My primary role is to oversee the business management team and to support them in their client needs, whether this be training, lending technical knowledge, and encouraging personal development within their roles and outside of work. We are still a small firm in terms of employees; some days you roll your sleeves up and get stuck in wherever needed to support the team. I also focus on business development, give talks to share our knowledge to artists and mangers, and assist with running the practice, continuing to ensure we are giving our clients what they need from us.

No day is the same – it can be fun, frustrating, fast-paced, humbling, educational, and rewarding.

I’ll never do anything else.

What new music releases are you enjoying currently?

Over the last couple of years (do they even count? Don’t mention the C word…), I’ve found myself enjoying and exploring the new British jazz scene – there are so many

young, incredible musicians; fresh, new sounds and artists collaborating within this community. The music is diverse, and to see any of these acts live, is an experience unlike any other.

Recommendations: Moses Boyd, Ezra Collective, The Comet Is Coming, Sons of Kemet, Nubya Garcia, Ishmael Ensemble.

I am always trying to find new music and find some gems at the industry showcases and venue events – TGE, SXSW, Independent Venue Week, BBC Introducing, SoundCity, Reeperbahn, etc. I enjoyed being able to join some of these virtually over the last year – being able to see all the acts on your list without having to dash between venues is refreshing, but it’s not the same experience as being in a small venue, experiencing live music.

Have you managed to make it to any gigs since they started opening up again?

The first live performance I went to was back in June 2021, and was actually a theatre show, one of our clients is an actor and had a role in a production at the National Theatre. To see everyone at the end give a standing ovation, and to hear a crowd applauding in the same space, was overwhelming. We definitely take it for granted how special live performances are.

Since then, I’ve made it to one festival, a show at the O2 and one of my favourite in-stores at Sixty Sixty Sounds on Denmark Street.

Live is still building its return, but it does look to be going full-throttle – my calendar over the next couple of months is crammed full of great gigs around the country, in old haunts, venues I am yet to have the pleasure of and brand-new spaces.

How was business for you when COVID hit in March 2020? Any significant challenges? How did you adapt your services?

The instant loss of touring for artists, crews, session musicians, managers, venues and the teams involved has been the most notable impact.

Given there was little planning time, no-one knew what to expect and nobody expected the colossal effect it has had – our firm and our clients have managed relatively well through the *insert C word here* pandemic.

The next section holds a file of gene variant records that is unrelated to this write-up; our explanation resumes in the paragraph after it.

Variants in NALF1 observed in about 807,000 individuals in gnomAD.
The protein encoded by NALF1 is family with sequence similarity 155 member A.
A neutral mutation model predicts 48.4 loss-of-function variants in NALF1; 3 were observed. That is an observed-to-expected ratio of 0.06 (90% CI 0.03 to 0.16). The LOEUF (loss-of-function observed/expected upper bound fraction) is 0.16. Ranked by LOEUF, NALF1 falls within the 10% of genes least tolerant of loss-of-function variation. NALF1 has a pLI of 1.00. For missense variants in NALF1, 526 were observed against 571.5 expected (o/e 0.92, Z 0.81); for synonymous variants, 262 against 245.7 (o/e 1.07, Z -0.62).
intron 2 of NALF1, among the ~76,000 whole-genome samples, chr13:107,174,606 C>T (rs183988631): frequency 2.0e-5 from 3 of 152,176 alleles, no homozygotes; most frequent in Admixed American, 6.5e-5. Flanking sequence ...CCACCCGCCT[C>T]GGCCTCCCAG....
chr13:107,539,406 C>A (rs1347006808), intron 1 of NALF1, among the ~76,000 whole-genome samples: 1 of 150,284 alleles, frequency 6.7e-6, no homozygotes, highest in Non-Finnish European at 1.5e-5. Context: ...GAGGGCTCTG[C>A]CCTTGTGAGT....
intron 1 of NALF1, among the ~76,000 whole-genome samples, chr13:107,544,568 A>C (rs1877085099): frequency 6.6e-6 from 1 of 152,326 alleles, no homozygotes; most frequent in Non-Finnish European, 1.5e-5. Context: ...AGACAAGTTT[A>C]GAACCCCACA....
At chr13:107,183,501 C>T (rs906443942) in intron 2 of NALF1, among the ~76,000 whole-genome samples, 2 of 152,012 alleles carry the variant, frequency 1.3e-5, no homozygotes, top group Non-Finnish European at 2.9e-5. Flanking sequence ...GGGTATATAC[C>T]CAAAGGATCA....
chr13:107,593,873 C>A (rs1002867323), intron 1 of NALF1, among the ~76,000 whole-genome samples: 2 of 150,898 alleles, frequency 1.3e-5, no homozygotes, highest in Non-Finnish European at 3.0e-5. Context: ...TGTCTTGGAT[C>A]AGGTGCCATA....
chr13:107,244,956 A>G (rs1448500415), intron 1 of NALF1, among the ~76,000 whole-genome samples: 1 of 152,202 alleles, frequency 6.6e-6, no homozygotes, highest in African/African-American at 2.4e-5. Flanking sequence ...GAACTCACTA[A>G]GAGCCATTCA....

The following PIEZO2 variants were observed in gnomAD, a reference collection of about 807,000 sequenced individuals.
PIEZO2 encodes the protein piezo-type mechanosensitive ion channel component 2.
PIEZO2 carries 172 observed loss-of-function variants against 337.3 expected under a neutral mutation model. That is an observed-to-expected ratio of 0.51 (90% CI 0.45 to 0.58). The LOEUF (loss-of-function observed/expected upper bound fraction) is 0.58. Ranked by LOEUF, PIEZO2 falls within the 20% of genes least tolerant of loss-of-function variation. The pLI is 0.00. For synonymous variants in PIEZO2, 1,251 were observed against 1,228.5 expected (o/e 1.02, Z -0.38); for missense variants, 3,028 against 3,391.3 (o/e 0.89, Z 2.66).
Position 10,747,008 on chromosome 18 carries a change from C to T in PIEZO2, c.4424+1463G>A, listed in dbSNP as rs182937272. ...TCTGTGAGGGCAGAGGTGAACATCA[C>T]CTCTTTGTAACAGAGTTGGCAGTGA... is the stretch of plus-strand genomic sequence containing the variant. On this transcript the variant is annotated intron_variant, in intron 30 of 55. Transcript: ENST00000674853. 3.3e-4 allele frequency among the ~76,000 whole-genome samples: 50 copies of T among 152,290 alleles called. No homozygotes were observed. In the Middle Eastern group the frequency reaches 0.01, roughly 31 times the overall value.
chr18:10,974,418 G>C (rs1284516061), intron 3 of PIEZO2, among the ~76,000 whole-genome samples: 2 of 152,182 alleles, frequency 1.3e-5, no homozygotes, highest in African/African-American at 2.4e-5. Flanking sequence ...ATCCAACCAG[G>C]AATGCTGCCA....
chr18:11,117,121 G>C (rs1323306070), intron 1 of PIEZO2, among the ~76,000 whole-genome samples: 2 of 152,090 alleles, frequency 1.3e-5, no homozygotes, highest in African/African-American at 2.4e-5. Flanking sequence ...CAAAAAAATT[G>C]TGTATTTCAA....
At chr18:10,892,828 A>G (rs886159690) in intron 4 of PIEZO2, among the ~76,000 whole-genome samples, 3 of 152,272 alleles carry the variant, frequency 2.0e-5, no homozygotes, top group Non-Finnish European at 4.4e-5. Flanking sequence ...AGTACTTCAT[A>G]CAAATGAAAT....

A huge shout-out to our fantastic team, we couldn’t have made it through without each and every one of them – they have worked relentlessly throughout to ensure that our clients, and each other, are supported during these extraordinary times, and have continued to learn, grow and develop to come back stronger.

We had an evolving plan as events developed, as to how our office and staff would transition to working from home, and what our clients would need from us most at the start. Fortunately, we were able to pick up our laptops, a couple of bits of equipment, and setup from home without missing a beat.

Initially, we were helping our clients most in need of maintaining cashflow with the loss of touring. In the immediate short-term, this involved a firm-wide review of all individuals and companies who would be entitled to the various support schemes: council grants, SEISS/CJRS, and provided schedules of industry funding from the various societies and unions.

Mid-to-long term, this has been more focused on cashflow management. We reviewed current cash positions, projected how long this could last, and worked with businesses to find their “crunch-point”. This allowed owners and managers to have a timeframe to negotiate deals, and to be able to plan.

The length of the pandemic has been the hardest, the goalposts are constantly moving, and what we all thought would be 6-9 months, is now well into the second year.

We are starting to see tours happening, money moving, and increasingly solid, future plans being made. We hope the momentum continues.

At what stage would you say it makes sense for an artist to bring on an accountant/business manager?

We generally advise an artist to bring on a business manager/accountant just before they sign their first deal. The amounts can be significant; it is important to have the business structure correct, the tax-planning in place to ensure you retain as much cash as you should be whilst paying the right amount of tax, and the cash planning to allow artists to stretch the funds for as long as they can be, whilst working with management to be able to take advantage of opportunities as they arise.